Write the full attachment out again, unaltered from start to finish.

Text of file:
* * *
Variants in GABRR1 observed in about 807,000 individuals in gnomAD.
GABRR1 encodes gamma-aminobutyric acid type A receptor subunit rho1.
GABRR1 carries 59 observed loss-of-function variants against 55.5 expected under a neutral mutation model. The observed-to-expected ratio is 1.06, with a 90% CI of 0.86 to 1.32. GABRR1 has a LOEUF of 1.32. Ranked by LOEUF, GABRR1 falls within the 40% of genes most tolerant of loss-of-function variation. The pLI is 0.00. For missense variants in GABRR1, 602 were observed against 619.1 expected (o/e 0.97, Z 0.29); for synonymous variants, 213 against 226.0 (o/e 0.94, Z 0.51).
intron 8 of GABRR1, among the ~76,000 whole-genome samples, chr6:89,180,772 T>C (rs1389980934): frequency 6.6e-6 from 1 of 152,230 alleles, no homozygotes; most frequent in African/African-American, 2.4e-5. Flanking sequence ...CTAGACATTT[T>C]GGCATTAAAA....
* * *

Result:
Variants in GABRR1 observed in about 807,000 individuals in gnomAD.
GABRR1 encodes gamma-aminobutyric acid type A receptor subunit rho1.
GABRR1 carries 59 observed loss-of-function variants against 55.5 expected under a neutral mutation model. The observed-to-expected ratio is 1.06, with a 90% CI of 0.86 to 1.32. GABRR1 has a LOEUF of 1.32. Ranked by LOEUF, GABRR1 falls within the 40% of genes most tolerant of loss-of-function variation. The pLI is 0.00. For missense variants in GABRR1, 602 were observed against 619.1 expected (o/e 0.97, Z 0.29); for synonymous variants, 213 against 226.0 (o/e 0.94, Z 0.51).
intron 8 of GABRR1, among the ~76,000 whole-genome samples, chr6:89,180,772 T>C (rs1389980934): frequency 6.6e-6 from 1 of 152,230 alleles, no homozygotes; most frequent in African/African-American, 2.4e-5. Flanking sequence ...CTAGACATTT[T>C]GGCATTAAAA....